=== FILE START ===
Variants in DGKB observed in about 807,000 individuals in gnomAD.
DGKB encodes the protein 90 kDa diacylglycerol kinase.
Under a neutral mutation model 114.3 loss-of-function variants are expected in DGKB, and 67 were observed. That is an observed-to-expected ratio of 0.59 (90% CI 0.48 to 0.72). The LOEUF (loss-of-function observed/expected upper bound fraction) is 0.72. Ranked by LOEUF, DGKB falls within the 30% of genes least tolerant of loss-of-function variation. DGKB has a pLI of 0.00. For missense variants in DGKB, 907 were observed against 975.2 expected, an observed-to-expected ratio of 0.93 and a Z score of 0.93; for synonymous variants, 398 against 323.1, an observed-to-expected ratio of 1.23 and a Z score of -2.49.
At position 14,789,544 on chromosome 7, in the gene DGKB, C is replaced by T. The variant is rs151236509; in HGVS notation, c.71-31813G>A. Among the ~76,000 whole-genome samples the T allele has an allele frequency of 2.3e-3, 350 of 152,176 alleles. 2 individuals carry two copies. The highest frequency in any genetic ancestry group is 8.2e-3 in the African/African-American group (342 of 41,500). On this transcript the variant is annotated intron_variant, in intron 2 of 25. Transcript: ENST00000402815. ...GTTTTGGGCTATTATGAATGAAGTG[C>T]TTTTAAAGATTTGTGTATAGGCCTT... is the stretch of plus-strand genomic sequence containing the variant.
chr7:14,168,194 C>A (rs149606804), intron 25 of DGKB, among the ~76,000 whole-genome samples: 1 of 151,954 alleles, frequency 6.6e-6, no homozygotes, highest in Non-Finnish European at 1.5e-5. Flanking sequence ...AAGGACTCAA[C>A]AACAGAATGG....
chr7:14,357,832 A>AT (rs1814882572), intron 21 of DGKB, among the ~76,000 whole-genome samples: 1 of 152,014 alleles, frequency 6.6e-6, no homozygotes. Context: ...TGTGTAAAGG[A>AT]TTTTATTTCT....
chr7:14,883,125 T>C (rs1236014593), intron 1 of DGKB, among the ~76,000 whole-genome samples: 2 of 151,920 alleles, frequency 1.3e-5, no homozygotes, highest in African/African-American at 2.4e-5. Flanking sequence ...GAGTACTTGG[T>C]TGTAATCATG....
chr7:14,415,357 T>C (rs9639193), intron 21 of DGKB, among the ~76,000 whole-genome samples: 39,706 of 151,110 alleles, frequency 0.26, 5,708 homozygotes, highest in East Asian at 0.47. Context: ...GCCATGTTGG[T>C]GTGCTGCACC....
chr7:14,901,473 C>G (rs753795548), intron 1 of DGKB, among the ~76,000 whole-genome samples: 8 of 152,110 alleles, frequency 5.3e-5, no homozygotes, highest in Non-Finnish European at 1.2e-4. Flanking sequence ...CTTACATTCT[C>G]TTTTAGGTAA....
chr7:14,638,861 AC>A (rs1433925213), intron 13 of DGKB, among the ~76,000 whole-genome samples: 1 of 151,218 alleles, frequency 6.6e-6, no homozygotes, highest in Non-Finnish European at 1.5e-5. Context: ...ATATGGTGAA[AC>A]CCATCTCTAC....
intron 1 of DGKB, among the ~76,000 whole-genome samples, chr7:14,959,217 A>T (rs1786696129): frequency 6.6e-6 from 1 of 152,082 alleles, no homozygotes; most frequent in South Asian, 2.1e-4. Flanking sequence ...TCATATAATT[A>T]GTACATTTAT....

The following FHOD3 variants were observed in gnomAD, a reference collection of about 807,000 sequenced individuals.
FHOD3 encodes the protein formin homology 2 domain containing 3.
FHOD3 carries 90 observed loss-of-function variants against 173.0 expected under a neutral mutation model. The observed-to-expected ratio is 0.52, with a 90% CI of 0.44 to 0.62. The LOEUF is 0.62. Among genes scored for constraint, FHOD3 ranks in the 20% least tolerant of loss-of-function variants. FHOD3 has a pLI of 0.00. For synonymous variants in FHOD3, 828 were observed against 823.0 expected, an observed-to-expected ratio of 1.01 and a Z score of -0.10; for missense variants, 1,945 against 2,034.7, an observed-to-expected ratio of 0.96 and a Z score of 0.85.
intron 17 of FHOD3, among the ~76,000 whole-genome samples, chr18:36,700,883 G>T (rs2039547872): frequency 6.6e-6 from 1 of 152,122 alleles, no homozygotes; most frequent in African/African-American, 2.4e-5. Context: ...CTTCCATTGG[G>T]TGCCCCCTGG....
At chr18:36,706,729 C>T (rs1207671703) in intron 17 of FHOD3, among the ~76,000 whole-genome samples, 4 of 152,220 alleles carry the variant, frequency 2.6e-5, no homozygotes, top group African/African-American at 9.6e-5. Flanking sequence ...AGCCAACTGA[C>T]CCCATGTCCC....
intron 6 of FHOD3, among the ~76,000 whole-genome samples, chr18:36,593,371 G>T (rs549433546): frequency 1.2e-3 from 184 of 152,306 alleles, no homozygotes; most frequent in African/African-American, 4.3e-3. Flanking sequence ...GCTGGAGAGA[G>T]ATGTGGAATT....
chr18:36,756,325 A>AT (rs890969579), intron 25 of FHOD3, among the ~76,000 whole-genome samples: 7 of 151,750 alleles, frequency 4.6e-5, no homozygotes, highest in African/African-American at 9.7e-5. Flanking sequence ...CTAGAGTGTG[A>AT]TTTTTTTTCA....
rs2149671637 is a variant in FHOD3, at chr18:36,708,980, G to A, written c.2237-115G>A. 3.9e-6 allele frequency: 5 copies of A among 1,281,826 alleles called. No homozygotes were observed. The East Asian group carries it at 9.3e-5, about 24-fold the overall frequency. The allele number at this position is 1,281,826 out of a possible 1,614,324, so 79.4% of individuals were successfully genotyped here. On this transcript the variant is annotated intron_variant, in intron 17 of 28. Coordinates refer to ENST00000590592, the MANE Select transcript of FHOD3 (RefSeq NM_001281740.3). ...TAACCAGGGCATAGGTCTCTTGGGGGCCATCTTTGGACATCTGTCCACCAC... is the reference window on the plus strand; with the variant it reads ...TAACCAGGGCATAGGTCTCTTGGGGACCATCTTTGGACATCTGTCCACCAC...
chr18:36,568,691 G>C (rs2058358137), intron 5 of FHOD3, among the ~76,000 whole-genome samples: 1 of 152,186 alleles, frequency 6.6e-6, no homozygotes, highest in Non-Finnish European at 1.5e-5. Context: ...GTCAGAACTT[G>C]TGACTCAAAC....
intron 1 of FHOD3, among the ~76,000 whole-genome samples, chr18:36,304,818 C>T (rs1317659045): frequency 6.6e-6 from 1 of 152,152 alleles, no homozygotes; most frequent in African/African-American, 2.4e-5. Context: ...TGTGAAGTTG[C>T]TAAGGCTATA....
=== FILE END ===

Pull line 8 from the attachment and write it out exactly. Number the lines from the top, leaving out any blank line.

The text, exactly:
chr7:14,415,357 T>C (rs9639193), intron 21 of DGKB, among the ~76,000 whole-genome samples: 39,706 of 151,110 alleles, frequency 0.26, 5,708 homozygotes, highest in East Asian at 0.47. Context: ...GCCATGTTGG[T>C]GTGCTGCACC....